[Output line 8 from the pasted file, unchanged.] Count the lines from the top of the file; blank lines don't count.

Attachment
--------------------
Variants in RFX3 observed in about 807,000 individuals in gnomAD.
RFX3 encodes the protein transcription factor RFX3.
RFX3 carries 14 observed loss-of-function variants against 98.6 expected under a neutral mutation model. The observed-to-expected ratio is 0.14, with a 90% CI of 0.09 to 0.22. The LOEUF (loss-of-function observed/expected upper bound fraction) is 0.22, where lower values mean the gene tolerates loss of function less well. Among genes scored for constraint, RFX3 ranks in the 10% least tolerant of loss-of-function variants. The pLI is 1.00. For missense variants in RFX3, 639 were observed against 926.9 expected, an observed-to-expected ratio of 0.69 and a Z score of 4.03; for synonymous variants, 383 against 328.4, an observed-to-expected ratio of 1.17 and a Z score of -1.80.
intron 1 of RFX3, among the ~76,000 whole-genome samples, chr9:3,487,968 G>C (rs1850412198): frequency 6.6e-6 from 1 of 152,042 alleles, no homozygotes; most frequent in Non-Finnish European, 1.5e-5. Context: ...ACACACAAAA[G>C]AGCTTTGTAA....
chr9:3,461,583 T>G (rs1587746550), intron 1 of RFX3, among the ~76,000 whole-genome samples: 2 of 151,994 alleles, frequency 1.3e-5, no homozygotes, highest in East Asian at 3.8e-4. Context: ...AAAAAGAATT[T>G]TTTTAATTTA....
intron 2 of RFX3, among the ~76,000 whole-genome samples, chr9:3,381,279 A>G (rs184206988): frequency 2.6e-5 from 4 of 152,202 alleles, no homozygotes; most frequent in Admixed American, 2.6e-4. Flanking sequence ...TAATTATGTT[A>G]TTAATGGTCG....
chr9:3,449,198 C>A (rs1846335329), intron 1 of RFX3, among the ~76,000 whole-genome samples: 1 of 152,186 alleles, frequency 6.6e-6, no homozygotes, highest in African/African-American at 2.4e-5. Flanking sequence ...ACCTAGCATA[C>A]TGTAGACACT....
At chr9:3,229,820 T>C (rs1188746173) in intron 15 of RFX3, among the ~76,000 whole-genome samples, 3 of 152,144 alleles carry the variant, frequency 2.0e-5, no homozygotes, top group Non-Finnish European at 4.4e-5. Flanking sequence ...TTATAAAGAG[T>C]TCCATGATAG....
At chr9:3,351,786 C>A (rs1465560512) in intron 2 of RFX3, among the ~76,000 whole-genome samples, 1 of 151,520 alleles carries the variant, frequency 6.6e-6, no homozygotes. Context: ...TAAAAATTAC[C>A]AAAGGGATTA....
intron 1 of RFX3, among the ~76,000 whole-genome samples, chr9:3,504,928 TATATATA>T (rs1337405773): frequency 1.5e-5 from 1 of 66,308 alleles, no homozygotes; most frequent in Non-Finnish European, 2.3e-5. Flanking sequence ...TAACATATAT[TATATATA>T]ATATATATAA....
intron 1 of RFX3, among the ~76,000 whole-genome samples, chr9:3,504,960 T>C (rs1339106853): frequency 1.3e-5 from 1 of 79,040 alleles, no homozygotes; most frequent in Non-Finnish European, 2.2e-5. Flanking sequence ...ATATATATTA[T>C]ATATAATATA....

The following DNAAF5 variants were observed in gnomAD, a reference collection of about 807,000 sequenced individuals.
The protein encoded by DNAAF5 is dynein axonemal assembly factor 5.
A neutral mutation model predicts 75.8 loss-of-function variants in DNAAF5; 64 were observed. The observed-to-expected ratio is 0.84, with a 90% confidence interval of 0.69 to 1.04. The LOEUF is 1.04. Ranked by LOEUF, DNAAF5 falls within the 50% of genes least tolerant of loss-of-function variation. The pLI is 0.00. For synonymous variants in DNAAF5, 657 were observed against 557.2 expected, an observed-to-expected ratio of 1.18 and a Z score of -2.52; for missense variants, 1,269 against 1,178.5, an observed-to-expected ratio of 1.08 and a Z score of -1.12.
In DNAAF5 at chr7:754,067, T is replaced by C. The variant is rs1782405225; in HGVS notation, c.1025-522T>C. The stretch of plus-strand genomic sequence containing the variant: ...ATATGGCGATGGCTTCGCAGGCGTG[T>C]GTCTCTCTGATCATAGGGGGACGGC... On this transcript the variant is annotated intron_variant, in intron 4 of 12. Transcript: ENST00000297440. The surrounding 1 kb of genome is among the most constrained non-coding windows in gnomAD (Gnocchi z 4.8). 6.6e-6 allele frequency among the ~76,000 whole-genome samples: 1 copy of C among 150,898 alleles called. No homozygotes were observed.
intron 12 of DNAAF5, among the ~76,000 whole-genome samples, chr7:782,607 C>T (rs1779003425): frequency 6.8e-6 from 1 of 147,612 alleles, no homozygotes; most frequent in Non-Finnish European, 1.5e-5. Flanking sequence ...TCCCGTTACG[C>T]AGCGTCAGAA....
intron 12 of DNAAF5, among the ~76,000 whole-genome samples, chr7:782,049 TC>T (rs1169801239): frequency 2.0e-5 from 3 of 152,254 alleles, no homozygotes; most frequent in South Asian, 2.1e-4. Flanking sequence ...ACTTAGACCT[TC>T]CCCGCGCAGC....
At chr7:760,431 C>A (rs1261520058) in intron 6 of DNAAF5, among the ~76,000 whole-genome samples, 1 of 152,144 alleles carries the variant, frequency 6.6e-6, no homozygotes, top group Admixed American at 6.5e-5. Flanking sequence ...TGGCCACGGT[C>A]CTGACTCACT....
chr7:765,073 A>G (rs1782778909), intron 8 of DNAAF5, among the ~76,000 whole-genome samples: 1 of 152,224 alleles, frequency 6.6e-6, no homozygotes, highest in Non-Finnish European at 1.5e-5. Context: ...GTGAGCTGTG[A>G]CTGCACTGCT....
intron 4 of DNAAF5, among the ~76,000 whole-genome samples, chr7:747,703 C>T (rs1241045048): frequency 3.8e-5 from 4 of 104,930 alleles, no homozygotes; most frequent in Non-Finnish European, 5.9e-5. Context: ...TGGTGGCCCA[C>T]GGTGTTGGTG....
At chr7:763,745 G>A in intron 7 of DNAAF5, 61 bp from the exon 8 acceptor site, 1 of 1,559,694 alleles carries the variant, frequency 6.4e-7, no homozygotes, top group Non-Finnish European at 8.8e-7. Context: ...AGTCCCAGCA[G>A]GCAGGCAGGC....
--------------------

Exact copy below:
At chr9:3,229,820 T>C (rs1188746173) in intron 15 of RFX3, among the ~76,000 whole-genome samples, 3 of 152,144 alleles carry the variant, frequency 2.0e-5, no homozygotes, top group Non-Finnish European at 4.4e-5. Flanking sequence ...TTATAAAGAG[T>C]TCCATGATAG....